New York, NY, July 30, 2016 --(PR.com
)-- Starting Wednesday evening, August 3rd, most Manhattan kosher meat restaurants in NYC, will create a special menu, called The Nine Days Menu or The 9 Days Menu. This menu includes fish, pasta and vegetarian options, replacing meat and chicken dishes of the meat restaurant's regular menu. Glatt kosher restaurants in Manhattan and other places in the world that usually serve kosher meat and wine, create this Nine Days Menu in order not to shut down the business for nine days, since eating meat and drinking wine during these nine days is not permitted according to Jewish laws and customs.
The Nine Days take place during the first nine days of the Jewish calendar month, called Av, which usually fall out around July or August. It is a religious observance and according to the Talmud, "When Av begins, we diminish rejoicing" (Talmud, Taanit 26b). This year, 5776, or 2016, the dates from July 23rd until August 14th - the three weeks prior to the fast day of Tisha B'Av, which falls on August 14th - are considered a period of mourning over the destruction of the Holy Temple. The dates from August 3rd until August 14th are named The Nine Days, in which heavier mourning related restrictions are imposed by Jewish law.
The fighting in Jerusalem lasted for three weeks until Tisha B'Av, when the Temple was completely destroyed. Both the first and second Temples were destroyed on Tisha B'av. The first Temple was destroyed in 586 B.C.E. by the Babylonians and the second Temple by the Romans in 70 B.C.E. These tragic events have been mourned throughout Jewish history and observed by fasting on the ninth day of Av. We mourn both the loss of the Land and the spiritual center of Jewish life by being in exile.
In keeping with the diminished enjoyment, the last nine days of the three weeks are more stringent with the mourning aspect, including refraining from haircuts, shaving, listening to music, eating meat, and any other entertaining activities. During this period of time, Orthodox Jews mostly eat dairy, fish or parve products, refraining themselves from meat and wine. For NYC kosher restaurants, this may pose a bit of a problem, especially if you are a kosher steakhouse in Manhattan. As a kosher restaurant, what can be done to lure clientele who are forbidden from eating any meat for nine days (excluding the Sabbath)?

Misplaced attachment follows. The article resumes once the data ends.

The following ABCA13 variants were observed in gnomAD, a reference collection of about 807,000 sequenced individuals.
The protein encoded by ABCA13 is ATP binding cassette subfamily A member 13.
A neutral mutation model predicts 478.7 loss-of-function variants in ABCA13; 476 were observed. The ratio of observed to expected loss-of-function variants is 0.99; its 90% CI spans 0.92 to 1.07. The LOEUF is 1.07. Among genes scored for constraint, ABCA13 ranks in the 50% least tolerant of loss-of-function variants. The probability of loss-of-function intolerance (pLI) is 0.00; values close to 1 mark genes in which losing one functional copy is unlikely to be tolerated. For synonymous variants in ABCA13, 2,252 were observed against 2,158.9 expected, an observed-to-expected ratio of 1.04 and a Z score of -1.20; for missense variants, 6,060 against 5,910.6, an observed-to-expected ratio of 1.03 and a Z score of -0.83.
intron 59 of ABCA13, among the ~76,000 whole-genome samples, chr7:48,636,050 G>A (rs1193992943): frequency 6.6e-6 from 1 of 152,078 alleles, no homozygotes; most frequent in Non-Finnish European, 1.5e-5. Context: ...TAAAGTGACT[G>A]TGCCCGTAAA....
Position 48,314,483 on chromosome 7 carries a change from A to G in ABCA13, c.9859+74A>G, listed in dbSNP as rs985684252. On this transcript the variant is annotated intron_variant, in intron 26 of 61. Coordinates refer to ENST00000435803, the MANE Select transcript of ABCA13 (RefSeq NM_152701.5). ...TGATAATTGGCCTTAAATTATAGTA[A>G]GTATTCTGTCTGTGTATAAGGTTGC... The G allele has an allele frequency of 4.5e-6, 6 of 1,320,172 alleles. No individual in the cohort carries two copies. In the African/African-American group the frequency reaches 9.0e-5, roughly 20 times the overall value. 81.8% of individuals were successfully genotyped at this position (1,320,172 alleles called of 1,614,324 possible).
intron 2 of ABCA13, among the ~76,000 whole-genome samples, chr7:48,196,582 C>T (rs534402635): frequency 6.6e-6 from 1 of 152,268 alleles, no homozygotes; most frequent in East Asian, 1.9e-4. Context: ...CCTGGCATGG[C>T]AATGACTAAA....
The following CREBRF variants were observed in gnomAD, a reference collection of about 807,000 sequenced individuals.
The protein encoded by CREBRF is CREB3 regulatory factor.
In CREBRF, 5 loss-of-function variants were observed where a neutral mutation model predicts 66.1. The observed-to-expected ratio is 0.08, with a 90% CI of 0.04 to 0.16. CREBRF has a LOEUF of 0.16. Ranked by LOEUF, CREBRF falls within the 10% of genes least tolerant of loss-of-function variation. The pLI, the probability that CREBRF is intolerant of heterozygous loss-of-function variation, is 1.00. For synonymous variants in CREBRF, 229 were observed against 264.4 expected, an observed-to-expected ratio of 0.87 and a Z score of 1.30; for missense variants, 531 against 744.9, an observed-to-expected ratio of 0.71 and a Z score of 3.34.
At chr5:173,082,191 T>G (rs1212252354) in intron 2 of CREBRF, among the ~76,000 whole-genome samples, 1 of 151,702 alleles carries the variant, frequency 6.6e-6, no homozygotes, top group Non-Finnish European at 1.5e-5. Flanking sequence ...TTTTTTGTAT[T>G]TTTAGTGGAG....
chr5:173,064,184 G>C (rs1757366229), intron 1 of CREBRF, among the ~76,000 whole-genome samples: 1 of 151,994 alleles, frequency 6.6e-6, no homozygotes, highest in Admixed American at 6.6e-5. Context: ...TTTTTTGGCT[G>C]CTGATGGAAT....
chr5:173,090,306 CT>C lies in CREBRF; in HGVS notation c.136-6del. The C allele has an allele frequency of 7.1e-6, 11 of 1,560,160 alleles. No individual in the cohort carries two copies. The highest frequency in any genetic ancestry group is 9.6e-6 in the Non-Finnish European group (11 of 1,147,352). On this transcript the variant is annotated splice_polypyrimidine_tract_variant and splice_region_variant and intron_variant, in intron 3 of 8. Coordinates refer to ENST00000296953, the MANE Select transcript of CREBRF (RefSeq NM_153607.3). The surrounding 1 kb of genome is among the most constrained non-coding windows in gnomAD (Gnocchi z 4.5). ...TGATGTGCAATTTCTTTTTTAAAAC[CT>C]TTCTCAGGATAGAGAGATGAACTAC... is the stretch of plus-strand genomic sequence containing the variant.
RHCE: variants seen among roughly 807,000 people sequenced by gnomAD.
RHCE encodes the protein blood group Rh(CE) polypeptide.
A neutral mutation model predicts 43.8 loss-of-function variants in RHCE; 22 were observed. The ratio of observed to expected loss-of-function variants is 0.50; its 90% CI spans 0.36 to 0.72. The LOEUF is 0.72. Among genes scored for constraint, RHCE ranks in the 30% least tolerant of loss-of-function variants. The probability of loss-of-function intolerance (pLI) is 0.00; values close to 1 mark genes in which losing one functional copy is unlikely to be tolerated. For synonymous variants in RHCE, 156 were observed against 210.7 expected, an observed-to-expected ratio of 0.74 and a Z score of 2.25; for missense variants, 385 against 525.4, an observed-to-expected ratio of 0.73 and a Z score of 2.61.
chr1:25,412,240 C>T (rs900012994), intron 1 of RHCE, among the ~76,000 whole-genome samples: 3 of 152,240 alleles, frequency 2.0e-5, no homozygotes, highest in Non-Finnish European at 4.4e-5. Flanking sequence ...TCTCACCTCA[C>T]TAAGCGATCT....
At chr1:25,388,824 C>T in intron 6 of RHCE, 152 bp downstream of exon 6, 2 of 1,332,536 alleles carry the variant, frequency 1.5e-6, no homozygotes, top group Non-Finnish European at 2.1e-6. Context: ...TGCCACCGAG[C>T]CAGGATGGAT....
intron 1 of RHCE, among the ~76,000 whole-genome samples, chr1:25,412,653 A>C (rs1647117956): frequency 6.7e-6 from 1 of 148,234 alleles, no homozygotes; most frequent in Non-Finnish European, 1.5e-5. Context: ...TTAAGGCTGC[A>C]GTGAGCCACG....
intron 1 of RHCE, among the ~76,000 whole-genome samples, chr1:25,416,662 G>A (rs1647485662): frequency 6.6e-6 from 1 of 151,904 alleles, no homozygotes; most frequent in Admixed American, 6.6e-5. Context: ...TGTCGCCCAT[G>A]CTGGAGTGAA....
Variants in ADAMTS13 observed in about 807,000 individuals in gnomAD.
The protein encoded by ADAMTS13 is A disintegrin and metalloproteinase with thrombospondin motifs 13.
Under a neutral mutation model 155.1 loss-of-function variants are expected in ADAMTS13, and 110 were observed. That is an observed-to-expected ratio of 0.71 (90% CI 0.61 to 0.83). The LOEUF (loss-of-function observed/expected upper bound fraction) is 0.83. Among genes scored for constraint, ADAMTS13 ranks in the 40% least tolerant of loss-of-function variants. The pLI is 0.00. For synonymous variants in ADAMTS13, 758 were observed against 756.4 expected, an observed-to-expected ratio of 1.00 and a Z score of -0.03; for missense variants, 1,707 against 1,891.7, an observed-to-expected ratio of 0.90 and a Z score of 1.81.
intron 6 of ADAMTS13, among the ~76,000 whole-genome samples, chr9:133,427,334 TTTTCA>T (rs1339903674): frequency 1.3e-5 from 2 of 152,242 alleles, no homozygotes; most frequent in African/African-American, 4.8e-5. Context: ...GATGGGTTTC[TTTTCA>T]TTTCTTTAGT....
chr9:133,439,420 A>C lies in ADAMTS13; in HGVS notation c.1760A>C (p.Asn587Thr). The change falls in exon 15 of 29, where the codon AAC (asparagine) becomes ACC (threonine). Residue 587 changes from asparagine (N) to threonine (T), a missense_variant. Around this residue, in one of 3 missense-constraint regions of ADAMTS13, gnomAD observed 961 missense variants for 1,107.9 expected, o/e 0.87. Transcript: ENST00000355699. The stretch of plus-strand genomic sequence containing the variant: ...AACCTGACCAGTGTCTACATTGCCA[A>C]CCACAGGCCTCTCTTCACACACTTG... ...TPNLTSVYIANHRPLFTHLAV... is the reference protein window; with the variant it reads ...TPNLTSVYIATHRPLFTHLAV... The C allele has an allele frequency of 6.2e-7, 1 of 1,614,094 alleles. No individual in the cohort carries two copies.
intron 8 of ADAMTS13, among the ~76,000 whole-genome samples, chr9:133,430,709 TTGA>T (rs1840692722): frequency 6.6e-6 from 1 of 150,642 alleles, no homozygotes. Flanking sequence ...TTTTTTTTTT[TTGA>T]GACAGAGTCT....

For those who observe the restrictions of the Nine Days, Talia's Steakhouse, an Upper West Side of Manhattan kosher restaurant, has been accommodating guests for over twelve years with a unique and special Nine Days menu which contains a large selection of gourmet fish, pasta and vegetarian dishes. For nine days, Talia's Steakhouse will become Talia's Fishhouse. While there are plenty of meat and non-meat meal choices, live music will not be available during the entire Three Weeks period.
Just because meat is prohibited during The Nine Days, does not mean that kosher steak houses need to totally shut their doors for this period of time. The Sephardic Jews' custom is to not eat meat and drink wine only from the Sunday before Tisha B'av. Many Yemenite Jews only refrain from meat starting the day before. Furthermore, meat and wine are permitted on Shabbat and for seudat mitzvah, such as brit milah. Furthermore, one may have meat during these days if required for health purposes, such as an anemic person, pregnant woman or someone who just gave birth. It is always wise to ask your Rabbi about the laws and customs during this period if you have any doubts.
Nowadays, kosher restaurants in Manhattan still have plenty of non-meat dishes that they can serve to customers. So, Bon Appetit.
For further queries and information, feel free to visit the website of Talia's Steakhouse & Bar:
Talia's Steakhouse & Bar
NYC Kosher Restaurants
668 Amsterdam Avenue
New York, NY 10025